When I was first learning to write essays, our teacher stressed the importance of grabbing your readers' attention early on in your work, like a compelling "lead" to a news story.
Consider columnist Jessie Eisinger's recent piece in the latest edition of Portfolio magazine in which his very first sentence will punish the unwitting reader who is harboring any sense of financial security...
"The worst Wall Street turmoil in a generation is going to wipe every other issue off the table for the next president."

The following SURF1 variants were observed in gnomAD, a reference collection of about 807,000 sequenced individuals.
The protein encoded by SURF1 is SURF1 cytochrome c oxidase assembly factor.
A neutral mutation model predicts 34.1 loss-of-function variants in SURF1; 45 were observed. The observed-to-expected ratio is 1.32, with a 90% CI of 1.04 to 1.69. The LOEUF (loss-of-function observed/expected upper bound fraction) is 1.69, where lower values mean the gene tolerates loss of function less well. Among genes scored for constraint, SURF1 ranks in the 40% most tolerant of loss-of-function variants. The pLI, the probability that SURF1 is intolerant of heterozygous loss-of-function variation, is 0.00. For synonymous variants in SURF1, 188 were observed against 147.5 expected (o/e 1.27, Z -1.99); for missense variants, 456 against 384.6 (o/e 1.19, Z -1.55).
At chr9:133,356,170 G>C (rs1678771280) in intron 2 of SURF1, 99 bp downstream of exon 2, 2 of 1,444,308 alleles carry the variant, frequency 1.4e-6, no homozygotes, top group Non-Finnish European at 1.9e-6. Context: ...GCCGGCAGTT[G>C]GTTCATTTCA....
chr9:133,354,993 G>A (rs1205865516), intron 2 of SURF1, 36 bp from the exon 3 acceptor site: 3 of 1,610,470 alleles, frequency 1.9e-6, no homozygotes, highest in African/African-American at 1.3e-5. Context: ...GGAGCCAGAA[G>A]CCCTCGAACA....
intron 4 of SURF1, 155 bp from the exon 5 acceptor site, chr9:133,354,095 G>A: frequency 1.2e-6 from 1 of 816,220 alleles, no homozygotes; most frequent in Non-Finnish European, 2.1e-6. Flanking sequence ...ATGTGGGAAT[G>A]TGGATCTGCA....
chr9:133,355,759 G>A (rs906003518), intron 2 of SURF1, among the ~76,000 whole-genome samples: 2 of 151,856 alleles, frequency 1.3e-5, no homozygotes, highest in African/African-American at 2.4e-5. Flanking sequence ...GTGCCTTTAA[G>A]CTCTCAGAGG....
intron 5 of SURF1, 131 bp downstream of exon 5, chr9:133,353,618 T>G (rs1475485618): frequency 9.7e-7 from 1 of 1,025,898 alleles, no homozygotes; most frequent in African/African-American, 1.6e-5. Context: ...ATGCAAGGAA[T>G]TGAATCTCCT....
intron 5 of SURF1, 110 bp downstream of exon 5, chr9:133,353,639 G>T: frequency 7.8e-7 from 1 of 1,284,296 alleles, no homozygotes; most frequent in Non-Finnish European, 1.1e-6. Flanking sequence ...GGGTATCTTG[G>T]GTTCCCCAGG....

You'll want to read on, but be warned, it gets worse. Eisinger describes potential for so many financial calamities that one might arrive at a conclusion some have long feared, but few vocalize. He put it thus:
"There will be blood."
Common sense dictates that one can only cop a dangerously free ride for so long. At the end of that ride (and there always is an end) there is an inexorable crash, and that brings great pain to the free-rider.
Unfortunately, there will also be pain felt by those who paid for their rides and even wore protective gear (which they also paid cash for), because they are tethered to the free-riders - and that's the real tragedy. That's our system.
We'll pay for the free-riders' avarice, their lack of discipline, their recklessness.